Beechert: Digging for Compliments

by Michael Beechert | 7/24/14 8:54pm

Apparently the windows in the Hopkins Center are being replaced because they hemorrhage heat like the College does money. After completion, students and visitors will be able to overlook the Green through windows that, while identical in appearance to their predecessors, are more energy efficient. Such technology, of course, could be fiscally beneficial as well as environmentally friendly — energy efficiency cuts down on the monthly bill by reducing consumption. For those who would like to see the College make intelligent financial decisions, this renovation could be good news provided that the projected savings generated by the new energy efficient windows exceed the cost of construction. As reported in The Dartmouth on July 22, however, the College could not provide figures for either the cost of the project or the estimated savings it will generate. One can reasonably infer that the replacement of the Hopkins Center’s windows is not projected to save enough money to merit the construction costs. I would be thrilled to be informed otherwise.

The general lack of transparency surrounding the cost of this project is reason enough for frustration. Like all endeavors funded by the College’s facilities budget, the window replacement is paid for, in part, by tuition dollars. If this expenditure and others like it were supported completely by private donations, it would be unnecessary for the College to release cost figures. Yet families paying tuition deserve to know how their money is spent. Moreover, it should not be necessary to have to request this information at all. A detailed breakdown of the project’s projected costs should be made public as a part of any press release. The College would satisfy the right of tuition-paying families to see the fruits of the substantial checks they send. As an added bonus, it would also discourage wasteful or excessive spending by subjecting the College’s expenditures to public scrutiny.

Even if the College will not disclose the financial specifics of its construction endeavors, one would hope that, in private, Dartmouth has begun to allocate its construction budget wisely after it blew $41 million renovating the Hanover Inn. Replacing perfectly functional windows at high cost, however, is not a fiscally worthy project if there is no significant anticipated financial benefit. Assuming from the College’s silence on the matter that this replacement may not be financially sound, what, then, could be the College’s motivation? While the College spending money simply for the sake of it might not be outside the realm of possibility, perhaps Dartmouth simply wishes to present itself as eco-friendly.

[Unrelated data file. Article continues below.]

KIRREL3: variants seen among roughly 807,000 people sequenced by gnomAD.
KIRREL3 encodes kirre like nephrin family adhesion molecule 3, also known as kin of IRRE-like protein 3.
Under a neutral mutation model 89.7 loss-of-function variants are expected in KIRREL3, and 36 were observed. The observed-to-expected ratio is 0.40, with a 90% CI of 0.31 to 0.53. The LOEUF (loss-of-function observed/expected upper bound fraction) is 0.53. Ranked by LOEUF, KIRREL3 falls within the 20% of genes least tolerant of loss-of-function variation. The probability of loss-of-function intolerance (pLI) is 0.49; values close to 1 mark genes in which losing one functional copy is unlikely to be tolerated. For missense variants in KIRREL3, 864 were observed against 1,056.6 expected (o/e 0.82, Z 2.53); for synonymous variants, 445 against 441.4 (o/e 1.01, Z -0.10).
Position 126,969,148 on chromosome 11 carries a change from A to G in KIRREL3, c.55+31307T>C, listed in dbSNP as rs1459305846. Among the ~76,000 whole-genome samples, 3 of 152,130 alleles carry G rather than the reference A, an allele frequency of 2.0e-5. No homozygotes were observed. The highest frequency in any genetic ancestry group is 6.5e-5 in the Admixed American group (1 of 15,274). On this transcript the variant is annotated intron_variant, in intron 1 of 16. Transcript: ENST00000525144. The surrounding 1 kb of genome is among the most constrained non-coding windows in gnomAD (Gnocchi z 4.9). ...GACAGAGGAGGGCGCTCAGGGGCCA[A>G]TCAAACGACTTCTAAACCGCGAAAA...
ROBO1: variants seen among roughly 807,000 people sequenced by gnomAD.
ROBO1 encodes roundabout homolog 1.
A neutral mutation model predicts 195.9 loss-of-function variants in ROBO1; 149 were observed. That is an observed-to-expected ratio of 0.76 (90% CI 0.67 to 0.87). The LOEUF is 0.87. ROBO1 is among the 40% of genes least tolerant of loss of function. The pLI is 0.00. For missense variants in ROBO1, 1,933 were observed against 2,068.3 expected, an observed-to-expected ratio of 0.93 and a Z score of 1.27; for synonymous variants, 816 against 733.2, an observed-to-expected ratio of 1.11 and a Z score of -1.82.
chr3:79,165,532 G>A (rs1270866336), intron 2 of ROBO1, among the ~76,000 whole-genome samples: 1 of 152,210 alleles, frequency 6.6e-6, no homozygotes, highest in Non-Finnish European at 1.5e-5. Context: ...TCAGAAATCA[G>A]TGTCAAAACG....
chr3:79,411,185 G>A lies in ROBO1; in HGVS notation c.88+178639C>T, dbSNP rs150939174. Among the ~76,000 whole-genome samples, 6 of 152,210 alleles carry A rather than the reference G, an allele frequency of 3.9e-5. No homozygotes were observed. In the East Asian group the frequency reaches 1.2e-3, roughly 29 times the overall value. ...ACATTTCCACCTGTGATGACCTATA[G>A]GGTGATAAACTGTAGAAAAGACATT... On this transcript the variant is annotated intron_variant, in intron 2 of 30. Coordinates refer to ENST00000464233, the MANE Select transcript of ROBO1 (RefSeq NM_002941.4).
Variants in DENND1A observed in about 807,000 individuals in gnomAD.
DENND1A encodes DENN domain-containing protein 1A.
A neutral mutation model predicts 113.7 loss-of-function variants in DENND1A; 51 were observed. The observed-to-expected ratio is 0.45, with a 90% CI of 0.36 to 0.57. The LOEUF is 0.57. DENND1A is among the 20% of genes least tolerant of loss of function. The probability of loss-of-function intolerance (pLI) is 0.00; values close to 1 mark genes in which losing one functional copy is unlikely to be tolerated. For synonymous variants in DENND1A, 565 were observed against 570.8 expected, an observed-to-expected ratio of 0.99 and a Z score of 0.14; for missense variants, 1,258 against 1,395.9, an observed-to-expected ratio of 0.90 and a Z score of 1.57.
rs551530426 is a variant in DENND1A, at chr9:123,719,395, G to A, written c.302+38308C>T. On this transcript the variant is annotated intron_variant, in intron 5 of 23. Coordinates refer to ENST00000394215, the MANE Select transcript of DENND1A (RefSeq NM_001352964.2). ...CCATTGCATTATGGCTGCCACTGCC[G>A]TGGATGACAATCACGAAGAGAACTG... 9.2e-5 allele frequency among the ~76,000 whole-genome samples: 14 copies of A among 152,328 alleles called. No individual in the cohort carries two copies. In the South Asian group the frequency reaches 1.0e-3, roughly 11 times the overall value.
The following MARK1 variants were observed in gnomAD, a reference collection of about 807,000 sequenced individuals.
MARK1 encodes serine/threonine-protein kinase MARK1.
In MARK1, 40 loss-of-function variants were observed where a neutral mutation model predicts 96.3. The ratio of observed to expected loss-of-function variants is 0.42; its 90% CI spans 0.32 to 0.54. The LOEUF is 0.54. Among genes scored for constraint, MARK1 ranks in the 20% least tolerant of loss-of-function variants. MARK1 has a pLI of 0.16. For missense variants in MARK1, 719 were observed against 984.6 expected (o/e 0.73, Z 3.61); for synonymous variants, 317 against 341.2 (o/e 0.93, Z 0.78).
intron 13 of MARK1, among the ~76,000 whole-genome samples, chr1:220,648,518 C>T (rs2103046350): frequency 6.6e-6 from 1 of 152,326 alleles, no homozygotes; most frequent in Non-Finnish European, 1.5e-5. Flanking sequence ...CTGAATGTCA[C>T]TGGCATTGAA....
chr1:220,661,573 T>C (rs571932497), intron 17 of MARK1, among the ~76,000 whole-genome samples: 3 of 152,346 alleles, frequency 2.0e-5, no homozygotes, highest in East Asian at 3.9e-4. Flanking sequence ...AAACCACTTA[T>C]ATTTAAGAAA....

However admirable, one can imagine other less expensive and less intrusive ways to chip away at energy consumption, like cutting down the number of lights that are left on around the clock. But doing so, of course, would not be as flashy an approach. Thus, it is likely that the College is looking to generate some small amount of positive, green publicity for itself by undertaking the project. But when there exists the possibility of financial loss in order to bring about meager improvements, the costs of the windows become difficult to justify.

That said, other projects would justify a dip into the facilities budget. Certain dormitories on this campus, particularly the Choates and River clusters, are barely suitable for human habitation. At the very least, they could use a substantial facelift. Ideally, both clusters would be torn down and replaced with buildings that the College could actually display in an admissions pamphlet. The music facilities in the Hopkins Center — which, incidentally, are located in the building’s basement and therefore have no windows of which to speak — are both ugly and largely insufficient. Acting on these projects would satisfy current students and attract potential applicants. Prospective students don’t care about whether the Hop’s windows are energy efficient, but they do want living quarters that won’t welcome them to campus with mold-induced illnesses. Such projects, which would produce more tangible results as well as generate positive publicity for the College, would be a wiser investment.